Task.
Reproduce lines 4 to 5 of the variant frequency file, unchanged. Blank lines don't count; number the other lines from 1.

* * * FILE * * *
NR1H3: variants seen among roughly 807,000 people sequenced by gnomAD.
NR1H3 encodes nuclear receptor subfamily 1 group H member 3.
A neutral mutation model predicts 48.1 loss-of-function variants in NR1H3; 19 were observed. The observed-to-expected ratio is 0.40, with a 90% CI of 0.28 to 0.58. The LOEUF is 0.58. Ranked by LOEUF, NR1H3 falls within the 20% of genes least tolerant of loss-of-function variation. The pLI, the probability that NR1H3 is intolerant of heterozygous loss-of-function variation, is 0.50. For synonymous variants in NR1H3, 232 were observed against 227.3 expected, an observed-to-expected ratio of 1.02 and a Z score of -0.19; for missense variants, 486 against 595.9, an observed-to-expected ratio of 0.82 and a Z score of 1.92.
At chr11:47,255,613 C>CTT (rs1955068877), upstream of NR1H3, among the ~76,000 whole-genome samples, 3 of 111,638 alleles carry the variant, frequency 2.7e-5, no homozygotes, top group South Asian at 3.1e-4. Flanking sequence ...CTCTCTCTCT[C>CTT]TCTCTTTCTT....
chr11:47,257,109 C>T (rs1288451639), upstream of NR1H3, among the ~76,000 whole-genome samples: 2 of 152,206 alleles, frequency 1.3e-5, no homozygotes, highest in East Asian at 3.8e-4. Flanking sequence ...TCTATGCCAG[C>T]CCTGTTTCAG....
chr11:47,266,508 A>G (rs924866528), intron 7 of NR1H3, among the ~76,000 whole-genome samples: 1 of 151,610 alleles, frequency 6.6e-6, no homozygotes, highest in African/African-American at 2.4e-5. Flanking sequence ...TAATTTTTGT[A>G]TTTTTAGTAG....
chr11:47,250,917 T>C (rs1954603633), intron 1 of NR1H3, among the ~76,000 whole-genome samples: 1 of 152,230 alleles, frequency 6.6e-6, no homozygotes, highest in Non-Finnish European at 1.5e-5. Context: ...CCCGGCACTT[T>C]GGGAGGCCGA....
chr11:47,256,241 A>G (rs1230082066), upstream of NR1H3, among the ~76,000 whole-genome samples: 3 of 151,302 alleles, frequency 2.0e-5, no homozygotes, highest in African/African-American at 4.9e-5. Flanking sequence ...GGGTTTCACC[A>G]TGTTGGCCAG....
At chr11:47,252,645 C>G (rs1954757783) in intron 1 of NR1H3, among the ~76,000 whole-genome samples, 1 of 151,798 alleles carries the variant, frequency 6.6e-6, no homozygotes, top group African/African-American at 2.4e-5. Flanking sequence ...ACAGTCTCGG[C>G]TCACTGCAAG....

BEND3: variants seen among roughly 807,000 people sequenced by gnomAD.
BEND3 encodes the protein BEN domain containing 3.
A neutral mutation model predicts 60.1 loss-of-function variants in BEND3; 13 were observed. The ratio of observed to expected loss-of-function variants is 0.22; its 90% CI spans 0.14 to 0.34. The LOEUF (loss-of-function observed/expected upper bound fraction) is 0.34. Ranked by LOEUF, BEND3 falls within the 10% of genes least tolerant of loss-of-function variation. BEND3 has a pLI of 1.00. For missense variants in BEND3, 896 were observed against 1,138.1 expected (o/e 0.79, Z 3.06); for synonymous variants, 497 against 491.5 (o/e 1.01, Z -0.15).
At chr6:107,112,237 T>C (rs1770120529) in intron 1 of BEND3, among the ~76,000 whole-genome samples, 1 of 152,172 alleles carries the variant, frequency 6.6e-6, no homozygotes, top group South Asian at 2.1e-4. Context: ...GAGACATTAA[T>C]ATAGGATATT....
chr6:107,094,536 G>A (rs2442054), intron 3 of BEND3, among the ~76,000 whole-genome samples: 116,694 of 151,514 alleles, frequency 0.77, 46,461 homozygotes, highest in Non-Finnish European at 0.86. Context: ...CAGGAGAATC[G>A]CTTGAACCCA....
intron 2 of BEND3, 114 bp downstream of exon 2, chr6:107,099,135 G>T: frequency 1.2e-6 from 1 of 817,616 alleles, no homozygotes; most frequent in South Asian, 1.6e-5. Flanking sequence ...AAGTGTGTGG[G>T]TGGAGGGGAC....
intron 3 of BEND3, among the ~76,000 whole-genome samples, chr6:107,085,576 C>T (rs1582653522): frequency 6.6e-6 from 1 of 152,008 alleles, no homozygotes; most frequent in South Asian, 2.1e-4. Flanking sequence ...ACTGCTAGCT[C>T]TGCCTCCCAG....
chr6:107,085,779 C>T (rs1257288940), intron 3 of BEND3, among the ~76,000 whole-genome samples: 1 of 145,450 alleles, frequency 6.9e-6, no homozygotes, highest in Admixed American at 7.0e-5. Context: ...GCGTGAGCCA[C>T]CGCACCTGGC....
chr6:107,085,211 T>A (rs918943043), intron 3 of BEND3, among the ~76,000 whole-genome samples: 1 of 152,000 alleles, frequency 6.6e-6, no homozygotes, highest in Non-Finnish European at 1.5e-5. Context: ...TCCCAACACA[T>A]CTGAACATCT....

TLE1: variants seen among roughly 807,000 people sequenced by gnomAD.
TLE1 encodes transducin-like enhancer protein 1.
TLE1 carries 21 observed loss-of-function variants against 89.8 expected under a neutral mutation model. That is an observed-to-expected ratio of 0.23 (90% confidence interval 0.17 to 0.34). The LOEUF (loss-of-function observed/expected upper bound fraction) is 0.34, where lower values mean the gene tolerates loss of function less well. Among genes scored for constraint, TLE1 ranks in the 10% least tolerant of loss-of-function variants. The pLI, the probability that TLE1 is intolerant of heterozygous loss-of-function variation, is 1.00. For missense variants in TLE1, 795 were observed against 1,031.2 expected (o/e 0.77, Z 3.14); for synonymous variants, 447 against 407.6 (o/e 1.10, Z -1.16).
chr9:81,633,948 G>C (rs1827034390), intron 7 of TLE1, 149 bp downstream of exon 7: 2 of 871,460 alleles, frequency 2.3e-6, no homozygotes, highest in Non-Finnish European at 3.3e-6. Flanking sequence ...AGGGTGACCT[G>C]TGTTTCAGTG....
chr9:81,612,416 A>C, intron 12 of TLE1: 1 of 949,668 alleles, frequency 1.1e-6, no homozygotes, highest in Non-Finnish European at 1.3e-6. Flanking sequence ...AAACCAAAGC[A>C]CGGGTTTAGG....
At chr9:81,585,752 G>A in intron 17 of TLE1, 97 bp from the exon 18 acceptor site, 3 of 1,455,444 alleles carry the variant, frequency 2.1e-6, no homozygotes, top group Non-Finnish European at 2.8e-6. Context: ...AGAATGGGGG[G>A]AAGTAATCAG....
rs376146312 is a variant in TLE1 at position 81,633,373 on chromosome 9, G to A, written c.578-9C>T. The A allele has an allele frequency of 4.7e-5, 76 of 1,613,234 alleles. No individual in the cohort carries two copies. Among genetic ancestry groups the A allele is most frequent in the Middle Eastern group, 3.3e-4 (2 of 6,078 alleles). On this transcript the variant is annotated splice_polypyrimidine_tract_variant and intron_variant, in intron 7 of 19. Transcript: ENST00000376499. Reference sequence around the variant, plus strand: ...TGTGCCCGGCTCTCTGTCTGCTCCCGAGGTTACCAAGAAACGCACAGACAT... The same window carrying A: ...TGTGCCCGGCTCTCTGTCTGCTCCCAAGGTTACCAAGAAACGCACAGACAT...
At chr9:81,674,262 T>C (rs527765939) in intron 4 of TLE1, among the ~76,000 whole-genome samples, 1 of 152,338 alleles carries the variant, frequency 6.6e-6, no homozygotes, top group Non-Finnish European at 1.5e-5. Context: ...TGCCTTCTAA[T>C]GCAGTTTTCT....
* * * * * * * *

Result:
At chr11:47,255,613 C>CTT (rs1955068877), upstream of NR1H3, among the ~76,000 whole-genome samples, 3 of 111,638 alleles carry the variant, frequency 2.7e-5, no homozygotes, top group South Asian at 3.1e-4. Flanking sequence ...CTCTCTCTCT[C>CTT]TCTCTTTCTT....
chr11:47,257,109 C>T (rs1288451639), upstream of NR1H3, among the ~76,000 whole-genome samples: 2 of 152,206 alleles, frequency 1.3e-5, no homozygotes, highest in East Asian at 3.8e-4. Flanking sequence ...TCTATGCCAG[C>T]CCTGTTTCAG....